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The End of the Affair by Graham Greene

The End of the Affair (1951)

by Graham Greene

Other authors: See the other authors section.

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English (116)  Dutch (1)  Hebrew (1)  Spanish (1)  Italian (1)  Swedish (1)  All languages (121)
Showing 1-5 of 116 (next | show all)
The End of the Affair by Graham Green is an outstanding story of adultery and it’s aftermath and another happy surprise from the 1,001 List for me. I was not expecting a story with such depth of emotion but, perhaps, because I listened to an audio version as read by Colin Firth, I was quite taken and touched with this story.

We come into the story after the affair has ended. Maurice Bendrix, a novelist, had met and taken up with a neighbour’s wife, Sarah. They fell passionately in love, yet Maurice could never quite convince himself that Sarah was true to him. The time is during WW II and when a bomb falls on his house while they are together and Maurice is almost killed, Sarah ends the affair. The next few years sees the end of the war and Maurice sinking into bitterness and hatred of Sarah. When her husband comes to him and talks about his fears that she may currently be involved with someone, Maurice hires a private detective to have her followed. What the detective uncovers and what is revealed in Sarah’s stolen diary produces the drama and emotion that left me breathless and near to tears.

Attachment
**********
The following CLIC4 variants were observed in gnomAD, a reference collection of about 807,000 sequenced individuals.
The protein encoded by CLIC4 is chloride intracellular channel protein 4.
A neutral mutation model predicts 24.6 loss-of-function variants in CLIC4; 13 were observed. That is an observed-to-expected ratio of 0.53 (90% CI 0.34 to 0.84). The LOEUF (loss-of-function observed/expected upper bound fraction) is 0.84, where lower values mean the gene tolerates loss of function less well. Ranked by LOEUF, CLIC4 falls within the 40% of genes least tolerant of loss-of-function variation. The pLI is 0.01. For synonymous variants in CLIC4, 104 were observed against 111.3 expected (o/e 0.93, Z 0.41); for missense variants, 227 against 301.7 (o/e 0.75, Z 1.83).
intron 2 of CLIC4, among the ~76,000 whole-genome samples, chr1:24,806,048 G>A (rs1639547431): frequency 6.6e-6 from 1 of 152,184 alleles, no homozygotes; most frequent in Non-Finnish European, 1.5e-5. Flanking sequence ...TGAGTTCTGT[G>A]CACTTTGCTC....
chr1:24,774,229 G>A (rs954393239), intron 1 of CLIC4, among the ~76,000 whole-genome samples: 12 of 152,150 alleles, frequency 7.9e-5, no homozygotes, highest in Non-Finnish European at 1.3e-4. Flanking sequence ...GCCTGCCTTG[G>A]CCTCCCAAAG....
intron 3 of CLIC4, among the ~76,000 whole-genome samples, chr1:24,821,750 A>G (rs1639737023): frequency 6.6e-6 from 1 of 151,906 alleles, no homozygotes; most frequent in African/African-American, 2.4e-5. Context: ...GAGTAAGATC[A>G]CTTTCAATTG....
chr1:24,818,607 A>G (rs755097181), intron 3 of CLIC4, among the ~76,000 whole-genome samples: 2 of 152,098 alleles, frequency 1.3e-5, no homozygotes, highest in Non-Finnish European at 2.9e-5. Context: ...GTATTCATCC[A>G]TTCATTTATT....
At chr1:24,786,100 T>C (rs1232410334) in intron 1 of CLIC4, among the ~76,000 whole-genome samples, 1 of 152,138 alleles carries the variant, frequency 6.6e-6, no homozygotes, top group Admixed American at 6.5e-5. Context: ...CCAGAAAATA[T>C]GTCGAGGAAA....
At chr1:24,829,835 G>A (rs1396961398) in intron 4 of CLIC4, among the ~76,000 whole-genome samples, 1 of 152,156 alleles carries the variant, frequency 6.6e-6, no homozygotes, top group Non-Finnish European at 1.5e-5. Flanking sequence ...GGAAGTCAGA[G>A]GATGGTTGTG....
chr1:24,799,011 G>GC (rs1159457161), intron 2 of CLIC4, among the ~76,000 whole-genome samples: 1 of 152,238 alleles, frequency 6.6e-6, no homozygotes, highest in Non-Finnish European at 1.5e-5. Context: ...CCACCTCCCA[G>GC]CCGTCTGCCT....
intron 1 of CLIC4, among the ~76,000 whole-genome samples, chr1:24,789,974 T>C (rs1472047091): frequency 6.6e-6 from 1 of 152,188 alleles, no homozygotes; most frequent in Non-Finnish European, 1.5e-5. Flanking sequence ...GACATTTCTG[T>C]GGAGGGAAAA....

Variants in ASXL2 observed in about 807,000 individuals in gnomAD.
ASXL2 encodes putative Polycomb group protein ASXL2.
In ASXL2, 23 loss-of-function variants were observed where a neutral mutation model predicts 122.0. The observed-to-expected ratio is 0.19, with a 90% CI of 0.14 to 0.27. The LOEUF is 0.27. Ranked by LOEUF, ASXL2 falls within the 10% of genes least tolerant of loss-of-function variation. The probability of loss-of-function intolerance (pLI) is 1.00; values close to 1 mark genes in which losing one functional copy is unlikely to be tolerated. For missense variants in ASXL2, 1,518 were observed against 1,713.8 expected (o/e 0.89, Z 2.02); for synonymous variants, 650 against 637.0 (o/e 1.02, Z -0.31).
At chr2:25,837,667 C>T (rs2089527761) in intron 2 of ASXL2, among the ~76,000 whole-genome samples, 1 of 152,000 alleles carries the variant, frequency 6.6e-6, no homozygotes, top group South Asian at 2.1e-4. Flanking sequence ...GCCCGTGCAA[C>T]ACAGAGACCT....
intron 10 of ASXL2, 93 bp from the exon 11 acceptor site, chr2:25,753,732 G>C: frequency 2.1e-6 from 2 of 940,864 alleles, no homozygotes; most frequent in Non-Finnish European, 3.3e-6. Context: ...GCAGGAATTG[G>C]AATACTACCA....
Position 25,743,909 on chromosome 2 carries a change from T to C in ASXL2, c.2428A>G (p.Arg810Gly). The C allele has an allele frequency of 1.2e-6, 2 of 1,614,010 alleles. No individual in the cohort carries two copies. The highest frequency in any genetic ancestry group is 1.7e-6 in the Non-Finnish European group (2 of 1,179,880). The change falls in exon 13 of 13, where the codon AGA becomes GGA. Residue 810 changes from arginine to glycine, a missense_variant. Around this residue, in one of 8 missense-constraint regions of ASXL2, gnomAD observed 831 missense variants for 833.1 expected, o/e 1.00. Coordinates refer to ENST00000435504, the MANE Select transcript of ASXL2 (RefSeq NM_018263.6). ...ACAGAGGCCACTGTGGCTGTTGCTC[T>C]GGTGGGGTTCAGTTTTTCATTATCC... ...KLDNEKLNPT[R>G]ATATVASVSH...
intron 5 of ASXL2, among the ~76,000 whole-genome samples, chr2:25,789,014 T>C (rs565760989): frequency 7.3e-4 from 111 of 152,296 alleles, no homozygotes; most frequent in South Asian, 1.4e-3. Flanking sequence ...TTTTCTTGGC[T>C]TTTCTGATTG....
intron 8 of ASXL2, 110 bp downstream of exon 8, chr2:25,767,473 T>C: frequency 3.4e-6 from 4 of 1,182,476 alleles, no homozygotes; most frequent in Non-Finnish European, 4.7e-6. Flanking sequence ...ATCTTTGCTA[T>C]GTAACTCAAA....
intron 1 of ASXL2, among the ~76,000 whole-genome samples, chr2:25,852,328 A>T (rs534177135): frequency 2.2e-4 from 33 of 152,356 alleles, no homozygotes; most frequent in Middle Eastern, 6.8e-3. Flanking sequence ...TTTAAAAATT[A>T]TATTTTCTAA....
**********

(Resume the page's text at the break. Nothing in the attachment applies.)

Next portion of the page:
Although slightly dated, the overall story of the agony of two people caught up in an impossible situation is totally compelling. Apparently the author himself went through a long and difficult adulterous affair and, in fact, this book is dedicated to his mistress, Catherine. This fact perhaps explains why the writing brings such a sense of authenticity to the story and why the poignant moments held such a ring of truth. Obviously this author was also conflicted in his religious beliefs as well, which is something that has come up in other books by him that I have read. I can’t praise Colin Firth’s narrative highly enough, his was the perfect voice to bring this story to life, and make The End of the Affair one of my top vocal experiences. I would have given this book a 4 star rating but the audio performance raises this to a 4.5. ( )
  DeltaQueen50 | Sep 17, 2018 |